Why non-human protagonists?
That is the question I often ask my imagination, and always with a tone of accusation. After all, it’s much more difficult to write non-human protagonists. Whenever I do, I have to work that much harder to help the reader relate to them.
So what makes Guillaume the Gargoyle like us? What makes his story worth our time? A few things. First, he has an insatiable desire for novelty. I once read an essay about early human sex differences. It talked about the male tendency to push out into the unknown even in times of relative peace and comfort. That's weird, isn't it? And while it's not exclusive to males, it does speak to a certain impulse that makes our species unique.
Second, he's selfish, but in a particular way. He has an idea of what he wants and he makes the deadly mistake of assuming others want the same. Worse, he acts on it. If Guillaume wanted to hurt others, especially Benoit, then he'd be a flat, boring villain. Instead, his fundamental goodness becomes corrupted by a subtle and devious Ego. Sound familiar?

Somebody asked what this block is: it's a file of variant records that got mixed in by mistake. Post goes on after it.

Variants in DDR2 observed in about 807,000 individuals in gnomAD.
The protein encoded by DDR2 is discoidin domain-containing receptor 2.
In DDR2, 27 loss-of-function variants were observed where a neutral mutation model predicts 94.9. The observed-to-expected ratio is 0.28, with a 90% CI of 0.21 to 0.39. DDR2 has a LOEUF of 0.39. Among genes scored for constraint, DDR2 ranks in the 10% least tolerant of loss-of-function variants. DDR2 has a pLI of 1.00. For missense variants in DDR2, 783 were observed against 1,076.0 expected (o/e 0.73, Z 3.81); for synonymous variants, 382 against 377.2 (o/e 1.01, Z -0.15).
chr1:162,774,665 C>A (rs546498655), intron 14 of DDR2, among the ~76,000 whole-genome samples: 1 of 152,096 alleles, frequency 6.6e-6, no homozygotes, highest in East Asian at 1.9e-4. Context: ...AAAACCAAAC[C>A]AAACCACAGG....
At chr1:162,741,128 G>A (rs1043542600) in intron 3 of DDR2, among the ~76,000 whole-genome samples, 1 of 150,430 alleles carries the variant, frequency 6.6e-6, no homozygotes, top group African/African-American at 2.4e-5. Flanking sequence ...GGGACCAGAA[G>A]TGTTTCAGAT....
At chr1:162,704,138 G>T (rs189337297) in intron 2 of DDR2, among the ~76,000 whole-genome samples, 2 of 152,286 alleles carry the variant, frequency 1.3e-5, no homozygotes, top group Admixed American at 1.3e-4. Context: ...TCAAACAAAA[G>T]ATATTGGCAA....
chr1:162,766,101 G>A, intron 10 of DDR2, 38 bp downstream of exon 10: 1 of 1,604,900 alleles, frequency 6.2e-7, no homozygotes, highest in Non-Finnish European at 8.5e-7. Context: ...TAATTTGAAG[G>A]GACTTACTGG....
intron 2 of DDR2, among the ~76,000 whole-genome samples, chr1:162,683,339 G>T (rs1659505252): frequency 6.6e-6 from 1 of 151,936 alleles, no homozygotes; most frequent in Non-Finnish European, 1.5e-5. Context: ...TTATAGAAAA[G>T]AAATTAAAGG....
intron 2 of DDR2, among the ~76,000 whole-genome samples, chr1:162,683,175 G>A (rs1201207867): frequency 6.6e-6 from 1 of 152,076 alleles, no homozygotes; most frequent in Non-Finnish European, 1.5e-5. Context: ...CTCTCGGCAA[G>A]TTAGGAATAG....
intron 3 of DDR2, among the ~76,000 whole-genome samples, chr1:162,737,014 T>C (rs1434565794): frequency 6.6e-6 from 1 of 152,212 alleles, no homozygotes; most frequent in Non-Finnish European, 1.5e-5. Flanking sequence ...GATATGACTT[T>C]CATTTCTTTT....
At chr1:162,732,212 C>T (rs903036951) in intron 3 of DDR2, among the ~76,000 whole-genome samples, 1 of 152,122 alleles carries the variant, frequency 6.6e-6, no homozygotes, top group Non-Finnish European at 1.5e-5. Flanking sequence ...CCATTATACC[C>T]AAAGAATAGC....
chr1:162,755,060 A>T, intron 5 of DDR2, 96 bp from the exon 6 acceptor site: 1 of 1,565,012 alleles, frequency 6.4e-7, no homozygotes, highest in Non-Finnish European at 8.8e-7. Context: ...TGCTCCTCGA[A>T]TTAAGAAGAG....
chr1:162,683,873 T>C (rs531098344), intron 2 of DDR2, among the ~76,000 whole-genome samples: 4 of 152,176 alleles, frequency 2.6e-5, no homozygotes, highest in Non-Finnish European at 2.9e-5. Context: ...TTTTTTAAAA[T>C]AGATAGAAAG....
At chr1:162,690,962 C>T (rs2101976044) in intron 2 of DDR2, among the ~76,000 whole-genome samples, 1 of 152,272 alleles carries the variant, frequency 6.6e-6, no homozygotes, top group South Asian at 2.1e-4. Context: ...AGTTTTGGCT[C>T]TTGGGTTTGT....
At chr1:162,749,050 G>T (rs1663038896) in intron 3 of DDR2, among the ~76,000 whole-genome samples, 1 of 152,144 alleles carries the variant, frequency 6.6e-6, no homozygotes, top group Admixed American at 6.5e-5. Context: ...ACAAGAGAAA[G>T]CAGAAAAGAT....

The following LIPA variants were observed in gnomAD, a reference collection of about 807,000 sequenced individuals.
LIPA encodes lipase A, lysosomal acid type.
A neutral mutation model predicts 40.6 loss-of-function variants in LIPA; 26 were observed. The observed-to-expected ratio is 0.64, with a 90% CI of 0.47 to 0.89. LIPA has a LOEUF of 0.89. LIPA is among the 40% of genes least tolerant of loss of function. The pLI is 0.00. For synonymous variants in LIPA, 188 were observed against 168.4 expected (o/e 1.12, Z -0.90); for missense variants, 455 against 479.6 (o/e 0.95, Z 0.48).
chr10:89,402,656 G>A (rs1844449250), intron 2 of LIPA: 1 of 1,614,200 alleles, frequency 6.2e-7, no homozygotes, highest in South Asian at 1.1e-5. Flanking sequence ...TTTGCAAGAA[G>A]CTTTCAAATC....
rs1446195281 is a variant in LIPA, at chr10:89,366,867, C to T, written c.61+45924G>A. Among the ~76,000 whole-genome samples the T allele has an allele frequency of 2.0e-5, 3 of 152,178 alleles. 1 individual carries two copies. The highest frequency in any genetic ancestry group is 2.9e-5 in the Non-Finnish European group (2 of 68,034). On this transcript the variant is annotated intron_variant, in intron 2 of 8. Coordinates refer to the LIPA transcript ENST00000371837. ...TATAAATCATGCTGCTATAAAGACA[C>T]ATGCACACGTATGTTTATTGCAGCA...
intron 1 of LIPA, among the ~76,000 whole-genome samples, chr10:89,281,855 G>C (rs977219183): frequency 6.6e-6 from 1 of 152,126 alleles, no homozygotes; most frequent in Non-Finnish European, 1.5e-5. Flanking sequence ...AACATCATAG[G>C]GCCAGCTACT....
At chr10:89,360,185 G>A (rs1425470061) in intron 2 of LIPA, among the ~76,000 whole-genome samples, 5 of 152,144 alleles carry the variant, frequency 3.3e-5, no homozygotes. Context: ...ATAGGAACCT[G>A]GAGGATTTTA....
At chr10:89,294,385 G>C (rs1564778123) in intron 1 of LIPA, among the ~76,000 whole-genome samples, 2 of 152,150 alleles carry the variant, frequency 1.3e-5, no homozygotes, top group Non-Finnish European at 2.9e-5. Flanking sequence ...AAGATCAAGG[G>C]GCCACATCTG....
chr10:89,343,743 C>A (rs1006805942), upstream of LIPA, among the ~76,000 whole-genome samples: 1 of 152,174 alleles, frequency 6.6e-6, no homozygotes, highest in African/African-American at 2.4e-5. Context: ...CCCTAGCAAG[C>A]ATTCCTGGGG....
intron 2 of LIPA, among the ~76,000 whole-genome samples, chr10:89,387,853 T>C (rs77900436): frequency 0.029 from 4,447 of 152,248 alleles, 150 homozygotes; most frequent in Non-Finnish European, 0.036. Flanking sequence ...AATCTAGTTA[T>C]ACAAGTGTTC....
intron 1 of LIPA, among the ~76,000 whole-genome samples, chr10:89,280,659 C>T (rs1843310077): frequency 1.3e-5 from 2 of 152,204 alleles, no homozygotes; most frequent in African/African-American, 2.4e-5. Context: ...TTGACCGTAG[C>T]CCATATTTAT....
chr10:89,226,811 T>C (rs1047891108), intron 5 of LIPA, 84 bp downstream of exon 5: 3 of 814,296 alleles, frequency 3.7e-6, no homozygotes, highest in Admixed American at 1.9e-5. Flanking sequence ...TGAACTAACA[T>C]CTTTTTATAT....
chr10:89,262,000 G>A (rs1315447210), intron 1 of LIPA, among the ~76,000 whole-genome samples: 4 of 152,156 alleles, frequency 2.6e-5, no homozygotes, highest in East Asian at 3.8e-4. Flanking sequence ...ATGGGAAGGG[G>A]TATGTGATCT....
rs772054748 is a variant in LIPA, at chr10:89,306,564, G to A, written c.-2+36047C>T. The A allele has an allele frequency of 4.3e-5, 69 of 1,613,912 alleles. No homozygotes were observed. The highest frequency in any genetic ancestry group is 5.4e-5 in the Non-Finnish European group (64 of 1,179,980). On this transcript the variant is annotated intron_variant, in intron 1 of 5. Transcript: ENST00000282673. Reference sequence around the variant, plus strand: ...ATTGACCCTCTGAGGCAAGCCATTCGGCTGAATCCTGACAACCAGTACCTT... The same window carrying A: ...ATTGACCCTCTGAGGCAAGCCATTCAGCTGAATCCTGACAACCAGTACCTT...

Third, and finally, he’s trapped in the Cycle of Trauma. Tauri the Stoneweaver created the Stonekin to suit his own needs. Guillaume created Benoit to suit his. Is Guillaume not perpetuating the same harm as before? He is, at first. He only escapes the cycle by sacrificing his own happiness for the autonomy of his new friend. Of course, that very decision earns him a second chance.
And if a weatherbeaten gargoyle can find his redemption, can't we all?
Very intersting! Thanks, Sean! Check out all the stories on May 31, 2021!